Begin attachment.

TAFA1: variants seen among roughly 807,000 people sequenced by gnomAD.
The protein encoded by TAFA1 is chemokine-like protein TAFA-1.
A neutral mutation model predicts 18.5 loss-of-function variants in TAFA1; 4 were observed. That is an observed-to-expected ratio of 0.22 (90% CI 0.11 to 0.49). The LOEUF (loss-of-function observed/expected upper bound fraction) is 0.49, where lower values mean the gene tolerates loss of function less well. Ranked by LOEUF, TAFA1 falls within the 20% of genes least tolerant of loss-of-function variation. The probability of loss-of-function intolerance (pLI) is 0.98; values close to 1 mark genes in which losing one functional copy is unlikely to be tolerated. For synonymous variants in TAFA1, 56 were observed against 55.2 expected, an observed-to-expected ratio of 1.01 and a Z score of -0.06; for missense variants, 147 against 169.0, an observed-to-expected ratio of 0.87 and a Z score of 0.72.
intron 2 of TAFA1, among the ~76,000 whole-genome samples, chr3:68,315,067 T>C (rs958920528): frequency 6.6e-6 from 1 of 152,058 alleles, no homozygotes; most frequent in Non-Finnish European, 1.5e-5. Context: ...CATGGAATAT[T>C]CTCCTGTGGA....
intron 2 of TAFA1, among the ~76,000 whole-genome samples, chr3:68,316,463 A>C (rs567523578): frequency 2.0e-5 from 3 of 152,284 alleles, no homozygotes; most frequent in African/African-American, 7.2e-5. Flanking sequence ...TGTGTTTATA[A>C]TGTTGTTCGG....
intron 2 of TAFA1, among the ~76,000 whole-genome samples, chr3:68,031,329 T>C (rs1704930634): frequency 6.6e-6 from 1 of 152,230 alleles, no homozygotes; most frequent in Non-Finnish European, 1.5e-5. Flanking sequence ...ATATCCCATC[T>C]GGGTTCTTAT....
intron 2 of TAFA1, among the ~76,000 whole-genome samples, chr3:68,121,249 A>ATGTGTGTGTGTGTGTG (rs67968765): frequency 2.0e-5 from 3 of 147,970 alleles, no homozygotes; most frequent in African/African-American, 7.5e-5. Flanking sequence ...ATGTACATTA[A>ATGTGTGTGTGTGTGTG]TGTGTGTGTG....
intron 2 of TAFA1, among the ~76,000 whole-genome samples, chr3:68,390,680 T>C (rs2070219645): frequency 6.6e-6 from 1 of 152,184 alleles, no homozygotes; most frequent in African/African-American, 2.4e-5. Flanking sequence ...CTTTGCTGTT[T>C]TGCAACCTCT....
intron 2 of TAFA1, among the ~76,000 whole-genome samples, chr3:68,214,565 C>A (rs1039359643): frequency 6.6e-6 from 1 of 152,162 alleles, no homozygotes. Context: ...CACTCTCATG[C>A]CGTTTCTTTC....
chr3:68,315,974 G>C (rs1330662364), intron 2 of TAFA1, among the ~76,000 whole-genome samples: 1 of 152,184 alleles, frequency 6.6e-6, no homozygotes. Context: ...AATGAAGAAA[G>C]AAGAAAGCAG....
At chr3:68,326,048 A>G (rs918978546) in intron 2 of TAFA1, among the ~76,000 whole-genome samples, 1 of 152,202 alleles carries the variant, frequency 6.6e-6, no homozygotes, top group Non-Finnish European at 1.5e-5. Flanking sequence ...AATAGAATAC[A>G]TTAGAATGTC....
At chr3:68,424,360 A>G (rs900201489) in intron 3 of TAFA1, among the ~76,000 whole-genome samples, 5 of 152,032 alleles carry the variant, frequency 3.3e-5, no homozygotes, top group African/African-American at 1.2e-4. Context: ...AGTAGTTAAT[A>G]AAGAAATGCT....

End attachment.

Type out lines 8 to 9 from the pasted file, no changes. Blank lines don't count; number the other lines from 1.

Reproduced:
intron 2 of TAFA1, among the ~76,000 whole-genome samples, chr3:68,390,680 T>C (rs2070219645): frequency 6.6e-6 from 1 of 152,184 alleles, no homozygotes; most frequent in African/African-American, 2.4e-5. Flanking sequence ...CTTTGCTGTT[T>C]TGCAACCTCT....
intron 2 of TAFA1, among the ~76,000 whole-genome samples, chr3:68,214,565 C>A (rs1039359643): frequency 6.6e-6 from 1 of 152,162 alleles, no homozygotes. Context: ...CACTCTCATG[C>A]CGTTTCTTTC....